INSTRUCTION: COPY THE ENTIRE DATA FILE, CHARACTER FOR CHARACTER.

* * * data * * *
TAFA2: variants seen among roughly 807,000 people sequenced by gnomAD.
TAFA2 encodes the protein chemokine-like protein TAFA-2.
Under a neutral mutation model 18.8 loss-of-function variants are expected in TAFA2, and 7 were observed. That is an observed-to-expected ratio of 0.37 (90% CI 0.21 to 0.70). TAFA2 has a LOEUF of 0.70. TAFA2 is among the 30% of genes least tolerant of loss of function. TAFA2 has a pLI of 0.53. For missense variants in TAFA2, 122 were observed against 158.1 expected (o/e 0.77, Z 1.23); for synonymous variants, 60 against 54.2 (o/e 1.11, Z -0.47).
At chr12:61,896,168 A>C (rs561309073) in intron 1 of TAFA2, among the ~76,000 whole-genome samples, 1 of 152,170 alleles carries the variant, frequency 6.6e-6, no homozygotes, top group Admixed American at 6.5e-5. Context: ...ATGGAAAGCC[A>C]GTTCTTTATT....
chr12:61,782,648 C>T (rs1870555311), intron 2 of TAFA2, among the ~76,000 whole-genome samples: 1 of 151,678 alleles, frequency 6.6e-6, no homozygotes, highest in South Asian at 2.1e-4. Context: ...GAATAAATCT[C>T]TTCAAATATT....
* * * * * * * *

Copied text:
TAFA2: variants seen among roughly 807,000 people sequenced by gnomAD.
TAFA2 encodes the protein chemokine-like protein TAFA-2.
Under a neutral mutation model 18.8 loss-of-function variants are expected in TAFA2, and 7 were observed. That is an observed-to-expected ratio of 0.37 (90% CI 0.21 to 0.70). TAFA2 has a LOEUF of 0.70. TAFA2 is among the 30% of genes least tolerant of loss of function. TAFA2 has a pLI of 0.53. For missense variants in TAFA2, 122 were observed against 158.1 expected (o/e 0.77, Z 1.23); for synonymous variants, 60 against 54.2 (o/e 1.11, Z -0.47).
At chr12:61,896,168 A>C (rs561309073) in intron 1 of TAFA2, among the ~76,000 whole-genome samples, 1 of 152,170 alleles carries the variant, frequency 6.6e-6, no homozygotes, top group Admixed American at 6.5e-5. Context: ...ATGGAAAGCC[A>C]GTTCTTTATT....
chr12:61,782,648 C>T (rs1870555311), intron 2 of TAFA2, among the ~76,000 whole-genome samples: 1 of 151,678 alleles, frequency 6.6e-6, no homozygotes, highest in South Asian at 2.1e-4. Context: ...GAATAAATCT[C>T]TTCAAATATT....